US Death Rate Rises Sharply
At Beginning Of The Month
By Gene Emery

BOSTON - Mondays may be tough, but the first week of a month can be a killer, a study of U.S. death rates appearing in Thursday's New England Journal of Medicine found.
The study, which examined records from 1983 to 1988, found the combined death rate from substance abuse, suicide, accidents and homicide typically jumped 14 percent during the first week of each month compared with the last seven days of the previous month.
And because the rates are even higher among the poor, the research team from the University of California at San Diego suggested monthly benefit checks that arrive at the beginning of the month may explain the trend.
Although several diseases also peaked at the start of the month, the trend "was particularly strong for homicides, suicides, and accidents, and for deaths involving substance abuse," the researchers said.
They said "money for purchasing drugs or alcohol tends to be available at the beginning of the month and is relatively less available (for people with low incomes) at the end of the month, when discretionary funds may be exhausted."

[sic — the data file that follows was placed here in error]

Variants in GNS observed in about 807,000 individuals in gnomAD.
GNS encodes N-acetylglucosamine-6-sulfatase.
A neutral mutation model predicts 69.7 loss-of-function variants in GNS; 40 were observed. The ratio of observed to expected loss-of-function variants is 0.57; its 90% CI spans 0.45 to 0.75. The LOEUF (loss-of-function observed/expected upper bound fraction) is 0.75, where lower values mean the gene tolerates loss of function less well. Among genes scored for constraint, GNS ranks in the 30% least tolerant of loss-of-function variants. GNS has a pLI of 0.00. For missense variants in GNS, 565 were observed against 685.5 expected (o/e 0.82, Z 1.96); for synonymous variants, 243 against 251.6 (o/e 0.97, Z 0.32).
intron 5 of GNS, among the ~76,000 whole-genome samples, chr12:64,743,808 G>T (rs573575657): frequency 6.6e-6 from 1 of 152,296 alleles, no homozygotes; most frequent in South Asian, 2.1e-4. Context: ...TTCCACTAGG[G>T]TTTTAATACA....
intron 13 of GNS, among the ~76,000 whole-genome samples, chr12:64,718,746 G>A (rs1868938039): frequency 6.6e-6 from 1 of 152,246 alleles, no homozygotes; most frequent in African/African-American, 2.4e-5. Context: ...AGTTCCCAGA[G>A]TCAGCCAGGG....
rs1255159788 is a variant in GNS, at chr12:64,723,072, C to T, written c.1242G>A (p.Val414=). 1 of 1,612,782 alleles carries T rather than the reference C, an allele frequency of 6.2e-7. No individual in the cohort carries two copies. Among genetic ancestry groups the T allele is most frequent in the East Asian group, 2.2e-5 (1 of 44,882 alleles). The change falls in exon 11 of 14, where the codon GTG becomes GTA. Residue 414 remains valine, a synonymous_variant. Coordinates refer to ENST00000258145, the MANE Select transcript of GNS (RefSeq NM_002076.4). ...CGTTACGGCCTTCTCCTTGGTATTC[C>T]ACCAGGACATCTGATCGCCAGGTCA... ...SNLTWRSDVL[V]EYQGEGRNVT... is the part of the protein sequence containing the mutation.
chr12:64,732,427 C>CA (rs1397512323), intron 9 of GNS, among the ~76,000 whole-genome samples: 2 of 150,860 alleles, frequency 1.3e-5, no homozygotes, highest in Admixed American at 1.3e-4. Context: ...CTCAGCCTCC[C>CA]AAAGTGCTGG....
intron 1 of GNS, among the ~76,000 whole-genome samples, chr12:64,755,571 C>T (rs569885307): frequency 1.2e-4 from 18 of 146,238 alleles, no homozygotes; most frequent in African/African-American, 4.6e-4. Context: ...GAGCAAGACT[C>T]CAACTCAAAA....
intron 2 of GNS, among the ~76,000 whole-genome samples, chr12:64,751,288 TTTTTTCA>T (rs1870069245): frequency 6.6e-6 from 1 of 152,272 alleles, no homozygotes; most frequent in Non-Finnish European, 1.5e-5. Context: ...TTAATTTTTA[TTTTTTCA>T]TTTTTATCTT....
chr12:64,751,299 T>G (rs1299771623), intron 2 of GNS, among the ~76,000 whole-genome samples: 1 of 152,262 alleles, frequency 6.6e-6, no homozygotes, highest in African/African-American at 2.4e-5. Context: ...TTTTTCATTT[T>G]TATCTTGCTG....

Led by sociologist David P. Phillips, the team said the findings suggested "that limiting the amount of discretionary income available for drugs and alcohol might help reduce the number of deaths that occur at the beginning of the month."
This was not the first study to link health problems to government payments.
Four years ago the New England Journal of Medicine published research showing cocaine use and psychiatric symptoms increased at the beginning of each month when 105 veterans with schizophrenia received their disability payments.
That study sparked suggestions for changes in the way payments are distributed, so more money could be used for food and shelter and less was available for drugs and alcohol.
Phillips' study surveyed more than 31 million computerized death certificates to conclude, "The number of deaths was unusually low in the week preceding the first of the month and abruptly increased on the first of the month."
Specifically, during the first week of the month, the substance-abuse death rate was 14 percent higher than at the end of the month, the homicide rate rose 6.2 percent, suicide rates were up 5.3 percent and motor vehicle accident rates were 2.8 percent higher, the study found.
For unknown reasons deaths caused by cancer, heart, liver and respiratory problems were also higher " about 1 percent " at the beginning of the month. Deaths from infections, pregnancy complications and mental disorders unrelated to drug abuse showed no relationship to the calendar.
The researchers used race as an indirect marker to assess whether federal benefits might be linked to higher death rates because death certificates do not indicate income.
Their rationale: "Nonwhites are considerably more likely to be poor than whites." When researchers looked at death rates for nonwhites, the trends were even more dramatic.